For Albiean, it’s not about iconizing herself—it’s about maximizing the platform she has now, and it’s about empowering the rest of her community, the rest of the sectors she’s fighting alongside. Ultimately, after all, she believes in these communities, these individuals, and she hopes her platform helps them realize that.
“I really want people to realize the power that they have without someone like me speaking in front,” Albiean tells Metro.Style. “They have that power in them to unite with each other. Hindi nila ako kailangan; sila ang kailangan ko. And I can only use this platform para mapa-realize ’yun sa kanila.”
“All of us plays an essential part in winning our fight for gender liberation and equality for all,” Albiean adds. “Masaya ako sa feedback ng community. Nakikita kong ramdam nila na nagagampanan ko ’yung gawain ko bilang hindi lang queen, kundi advocate as well. But also, there is a challenge in me na mas mag-integrate pa sa kanila.”
As an activist, she knows that it is an unending process of learning, unlearning, and always doing better. What matters to Albiean the most is that she is able to share her story, as well as her community’s—“kahit inuutal, kahit kinakabahan.”
While pageants have long been disparaged for upholding patriarchal values and perpetuating unrealistic and Western beauty standards, they are also able to afford women the platform to speak out on important and pressing issues, especially in a country as interested in pageants as ours.
“That’s what we want to destroy,” Janlee says of pageants’ tendencies to maintain the status quo. “That’s what we want to abolish. We’re doing pageants not for the male gaze or for male satisfaction, but to put forward our causes.”
But most of all, pageantry, to some people, is a form of livelihood. “Pageantry is really their source of income,” Janlee explains. “They go to different barangays, towns, regions, just to participate in different pageants. That’s how they earn. They go in groups, helping each other, providing opportunities for trans people, to still keep on earning and have a source of income for this time.”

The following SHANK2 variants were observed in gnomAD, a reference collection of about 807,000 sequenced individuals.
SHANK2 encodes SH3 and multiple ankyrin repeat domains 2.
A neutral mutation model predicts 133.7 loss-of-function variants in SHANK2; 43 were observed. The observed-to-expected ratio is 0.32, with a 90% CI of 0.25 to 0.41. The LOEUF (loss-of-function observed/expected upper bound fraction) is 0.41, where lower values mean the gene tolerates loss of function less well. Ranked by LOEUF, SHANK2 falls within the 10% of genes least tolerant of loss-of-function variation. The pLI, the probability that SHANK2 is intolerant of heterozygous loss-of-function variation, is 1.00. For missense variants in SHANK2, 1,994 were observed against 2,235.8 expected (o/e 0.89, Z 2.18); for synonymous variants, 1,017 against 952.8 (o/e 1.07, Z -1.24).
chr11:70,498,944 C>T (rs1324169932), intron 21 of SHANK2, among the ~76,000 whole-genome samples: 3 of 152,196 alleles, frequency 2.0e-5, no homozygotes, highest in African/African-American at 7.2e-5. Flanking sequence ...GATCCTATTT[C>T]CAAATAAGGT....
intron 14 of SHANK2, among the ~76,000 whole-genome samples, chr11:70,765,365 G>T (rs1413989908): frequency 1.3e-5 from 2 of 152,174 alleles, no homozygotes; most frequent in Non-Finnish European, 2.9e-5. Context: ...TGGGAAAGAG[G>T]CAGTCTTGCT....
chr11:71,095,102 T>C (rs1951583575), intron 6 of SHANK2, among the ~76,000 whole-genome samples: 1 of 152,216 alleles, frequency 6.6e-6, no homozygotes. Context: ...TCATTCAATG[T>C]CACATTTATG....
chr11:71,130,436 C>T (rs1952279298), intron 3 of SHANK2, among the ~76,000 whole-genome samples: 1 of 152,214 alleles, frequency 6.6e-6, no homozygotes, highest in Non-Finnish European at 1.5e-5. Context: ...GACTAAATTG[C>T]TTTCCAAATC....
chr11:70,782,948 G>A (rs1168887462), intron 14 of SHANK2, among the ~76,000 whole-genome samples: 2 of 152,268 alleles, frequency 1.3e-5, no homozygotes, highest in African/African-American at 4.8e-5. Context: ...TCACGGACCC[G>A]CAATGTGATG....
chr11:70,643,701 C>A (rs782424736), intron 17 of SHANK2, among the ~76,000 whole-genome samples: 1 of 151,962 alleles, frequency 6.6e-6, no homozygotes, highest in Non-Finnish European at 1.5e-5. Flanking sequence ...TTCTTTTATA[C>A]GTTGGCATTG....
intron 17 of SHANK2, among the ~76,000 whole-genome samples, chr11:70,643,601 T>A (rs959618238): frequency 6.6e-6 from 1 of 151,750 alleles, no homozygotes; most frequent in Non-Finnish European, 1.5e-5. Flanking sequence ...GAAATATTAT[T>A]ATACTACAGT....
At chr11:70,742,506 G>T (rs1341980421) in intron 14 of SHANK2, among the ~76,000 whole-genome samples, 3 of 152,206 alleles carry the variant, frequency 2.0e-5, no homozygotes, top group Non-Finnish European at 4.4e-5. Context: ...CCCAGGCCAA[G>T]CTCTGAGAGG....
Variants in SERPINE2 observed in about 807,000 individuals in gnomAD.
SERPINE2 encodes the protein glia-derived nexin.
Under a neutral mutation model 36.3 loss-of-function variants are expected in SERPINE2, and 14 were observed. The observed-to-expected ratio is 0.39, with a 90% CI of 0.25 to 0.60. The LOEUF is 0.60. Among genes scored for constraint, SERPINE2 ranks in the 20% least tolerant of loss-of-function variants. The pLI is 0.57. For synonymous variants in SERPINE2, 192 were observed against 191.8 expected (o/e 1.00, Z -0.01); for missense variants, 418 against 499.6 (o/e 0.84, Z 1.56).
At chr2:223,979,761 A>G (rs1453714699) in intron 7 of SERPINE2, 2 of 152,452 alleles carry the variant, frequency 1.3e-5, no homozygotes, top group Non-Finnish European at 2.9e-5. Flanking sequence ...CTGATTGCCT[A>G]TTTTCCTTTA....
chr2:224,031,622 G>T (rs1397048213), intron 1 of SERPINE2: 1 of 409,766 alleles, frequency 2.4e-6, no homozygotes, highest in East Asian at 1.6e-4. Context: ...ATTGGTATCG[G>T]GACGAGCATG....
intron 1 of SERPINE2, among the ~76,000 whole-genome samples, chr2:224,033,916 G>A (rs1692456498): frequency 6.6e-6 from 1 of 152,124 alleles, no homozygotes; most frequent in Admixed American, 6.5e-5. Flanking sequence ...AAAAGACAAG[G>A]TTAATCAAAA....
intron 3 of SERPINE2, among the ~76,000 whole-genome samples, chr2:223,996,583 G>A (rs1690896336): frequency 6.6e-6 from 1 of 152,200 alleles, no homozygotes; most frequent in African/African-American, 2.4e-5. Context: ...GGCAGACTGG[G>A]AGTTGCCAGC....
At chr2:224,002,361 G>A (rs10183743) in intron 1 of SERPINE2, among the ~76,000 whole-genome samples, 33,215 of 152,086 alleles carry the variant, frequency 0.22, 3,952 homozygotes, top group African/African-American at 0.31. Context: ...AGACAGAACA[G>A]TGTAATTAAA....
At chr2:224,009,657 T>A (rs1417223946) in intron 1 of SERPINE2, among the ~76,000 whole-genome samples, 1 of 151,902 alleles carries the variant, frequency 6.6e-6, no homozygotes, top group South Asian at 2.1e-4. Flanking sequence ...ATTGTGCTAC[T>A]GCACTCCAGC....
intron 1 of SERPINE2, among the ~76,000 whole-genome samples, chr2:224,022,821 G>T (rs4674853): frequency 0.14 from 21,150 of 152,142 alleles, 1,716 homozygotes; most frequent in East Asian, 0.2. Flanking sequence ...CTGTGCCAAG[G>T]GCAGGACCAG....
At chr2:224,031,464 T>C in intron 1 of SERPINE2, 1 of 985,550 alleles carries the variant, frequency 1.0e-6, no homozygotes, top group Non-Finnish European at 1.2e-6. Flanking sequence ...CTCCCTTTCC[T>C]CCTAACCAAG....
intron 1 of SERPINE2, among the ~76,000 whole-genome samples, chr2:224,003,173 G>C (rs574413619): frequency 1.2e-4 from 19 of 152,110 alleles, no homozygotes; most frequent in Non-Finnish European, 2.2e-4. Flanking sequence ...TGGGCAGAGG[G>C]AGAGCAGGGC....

“We need to create our own safe spaces first while we fight for inclusion, while we fight for the space that we deserve,” she continues. “This can happen simultaneously, strengthening our safe spaces—trans-specific pageants—while at the same time lobbying for the inclusion of trans women in pageants meant for cis women. They’re not contradictory; they’re actually complementing each other.”
Trans women, after all, experience multiple layers of marginalization. Transphobia is widespread across the world, and the truth of the matter is that trans women are killed or attacked at disproportionate rates. (According to a report by The Fuller Project, it is estimated that at least 50 transgender or nonbinary individuals across the country have been murdered since 2010—but the real death toll is ‘likely higher.’)
“They are being marginalized for their expression, for being a member of the LGBTQ+ community, for being a woman,” Albiean explains. This platform is essential to Albiean’s work as an activist because it allows her to impact actual change. “We need tangible policies that will safeguard our rights, our lives,” she says.
That’s why it’s become incredibly important to Janlee to legitimize this pageant, and why it’s become incredibly important to Albiean to have a platform this large—because ultimately, it’s about the fight to affirm one’s identity in a world that has historically been exclusionary, that has historically been uncaring for transgender rights. In the end, it’s not about pageants. It’s about human lives.
Lead photos from @janleedungca and @albieanrevalde